“Fool’s Paradise will continue to be… a place for healing, for laughter, for shared tears, for growing.” – Doris McCarthy (from Doris McCarthy – My Life)
Fool’s Paradise was the home and studio of Canadian landscape artist, writer and educator Doris McCarthy (1910-2010). The site overlooks Lake Ontario along Toronto’s Scarborough Bluffs. McCarthy first visited the property during a sketching trip in November 1939. She was immediately inspired by the landscape views and picturesque setting, and purchased the property for $1,250. In 1940, she had a small cottage constructed on the site by local builder Forest Telfer.
McCarthy’s mother, Mary Jane, saw the purchase as extravagant, referring to it as “that fool’s paradise of yours.” The name stuck in McCarthy’s mind and the property soon became known as Fool’s Paradise. Originally, the cottage was a summer retreat, but it became her permanent home in 1946.
Fool’s Paradise evolved and grew over McCarthy’s time there, guided by her personal preferences. The one-storey wood frame structure comprises attached wings off the central small studio, kitchen, bathroom and bedroom. The interior of Fool’s Paradise follows an irregular layout, as wings have been added to the original cottage over the years. The living/dining room has high vaulted ceilings with exposed pine beams.
A large studio has a wood-burning Franklin stove. There are large built-in cabinets for storage of paintings and art supplies. A clever pulley device is in place at either end of the studio that McCarthy constructed to lift her large paintings so she could stand back and view them.
Learn more about the provincial plaque commemorating Fool's Paradise
The physical surroundings of Fool’s Paradise are spectacular and inspiring. The height of the Bluffs at Fool’s Paradise is 57 metres (187 feet). The area boasts wonderful views, mature trees, a pond, open space with expansive vistas and majestic bluffs overlooking Lake Ontario. Quiet, isolated and picturesque, the site is just 30 minutes (21 kilometres or 13 miles) from downtown Toronto.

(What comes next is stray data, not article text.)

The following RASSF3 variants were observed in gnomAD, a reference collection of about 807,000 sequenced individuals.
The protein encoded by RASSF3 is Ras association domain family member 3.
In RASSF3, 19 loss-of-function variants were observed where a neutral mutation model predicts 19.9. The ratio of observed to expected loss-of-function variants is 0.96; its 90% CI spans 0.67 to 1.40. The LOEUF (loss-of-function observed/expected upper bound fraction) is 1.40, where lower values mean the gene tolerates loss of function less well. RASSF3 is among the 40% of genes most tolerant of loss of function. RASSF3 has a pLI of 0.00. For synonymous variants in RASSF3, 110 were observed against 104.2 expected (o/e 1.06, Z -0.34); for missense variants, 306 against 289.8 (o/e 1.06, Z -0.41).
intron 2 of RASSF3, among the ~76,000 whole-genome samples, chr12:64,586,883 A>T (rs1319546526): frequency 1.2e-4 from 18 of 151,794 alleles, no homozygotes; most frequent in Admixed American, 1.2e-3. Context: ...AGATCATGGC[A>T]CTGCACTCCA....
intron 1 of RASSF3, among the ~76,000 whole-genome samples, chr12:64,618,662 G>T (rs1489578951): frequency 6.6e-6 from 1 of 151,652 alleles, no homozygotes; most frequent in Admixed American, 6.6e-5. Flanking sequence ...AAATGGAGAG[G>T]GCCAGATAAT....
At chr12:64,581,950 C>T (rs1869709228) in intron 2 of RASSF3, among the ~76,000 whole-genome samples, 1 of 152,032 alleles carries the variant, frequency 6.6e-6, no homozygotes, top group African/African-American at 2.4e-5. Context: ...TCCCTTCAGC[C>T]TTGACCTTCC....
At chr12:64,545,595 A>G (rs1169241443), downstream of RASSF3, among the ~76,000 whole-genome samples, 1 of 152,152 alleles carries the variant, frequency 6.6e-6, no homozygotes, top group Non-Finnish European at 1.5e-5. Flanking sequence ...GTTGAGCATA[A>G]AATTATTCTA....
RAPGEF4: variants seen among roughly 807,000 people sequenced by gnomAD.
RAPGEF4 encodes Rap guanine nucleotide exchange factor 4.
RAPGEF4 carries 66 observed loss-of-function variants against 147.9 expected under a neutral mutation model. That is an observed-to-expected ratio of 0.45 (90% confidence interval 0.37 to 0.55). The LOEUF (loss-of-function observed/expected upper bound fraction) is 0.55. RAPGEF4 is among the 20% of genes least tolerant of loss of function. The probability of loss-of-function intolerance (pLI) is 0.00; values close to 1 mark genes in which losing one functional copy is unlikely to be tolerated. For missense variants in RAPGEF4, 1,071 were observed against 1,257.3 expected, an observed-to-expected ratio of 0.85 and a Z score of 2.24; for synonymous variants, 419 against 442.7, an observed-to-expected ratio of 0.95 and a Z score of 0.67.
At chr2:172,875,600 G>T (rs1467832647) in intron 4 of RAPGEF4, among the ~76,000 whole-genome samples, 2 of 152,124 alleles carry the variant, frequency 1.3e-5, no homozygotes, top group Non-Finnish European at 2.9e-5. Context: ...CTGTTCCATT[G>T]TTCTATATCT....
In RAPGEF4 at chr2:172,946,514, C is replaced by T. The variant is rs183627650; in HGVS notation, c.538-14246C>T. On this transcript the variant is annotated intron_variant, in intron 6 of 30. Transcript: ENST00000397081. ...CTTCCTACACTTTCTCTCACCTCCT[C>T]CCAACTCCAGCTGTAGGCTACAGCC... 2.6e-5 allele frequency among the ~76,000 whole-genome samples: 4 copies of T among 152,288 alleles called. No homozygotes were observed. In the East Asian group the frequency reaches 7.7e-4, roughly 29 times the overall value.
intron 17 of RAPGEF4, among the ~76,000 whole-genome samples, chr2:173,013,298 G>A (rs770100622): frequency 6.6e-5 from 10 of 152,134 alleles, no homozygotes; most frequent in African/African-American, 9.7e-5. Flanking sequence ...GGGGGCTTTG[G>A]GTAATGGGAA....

The house is set back from the Bluffs by more than 60 metres (200 feet) of landscaped lawn. Flowerbeds and shrubbery along with fruit, pine, spruce and maple trees planted on the property by McCarthy continue to thrive. A pond was added east of the house in 1964 to reflect the beautiful sky and sunlight. A fountain designed by Bailey Leslie is located to the south of the stone patio, adding to the serenity of the site.
Doris McCarthy was committed to the conservation and stewardship of her scenic property. In 1986, she donated seven acres (approximately two hectares) of ravine land on the east side of Fool’s Paradise to the Toronto and Region Conservation Authority (TRCA) to help with erosion control. A walking trail was created in the ravine by the TRCA and was officially named Doris McCarthy Trail. The trail ends at a peninsula visible from the Bluffs that is the site of a large public sculpture erected in McCarthy’s honour. In 1998, McCarthy donated Fool’s Paradise to the Ontario Heritage Trust, while maintaining a life residency.
In 2004, the Doris McCarthy Gallery opened at the University of Toronto Scarborough campus and is the repository of a large collection of her works, along with her personal papers.
Following her death in 2010, the Trust established the Doris McCarthy Artist-in-Residence Centre on the property.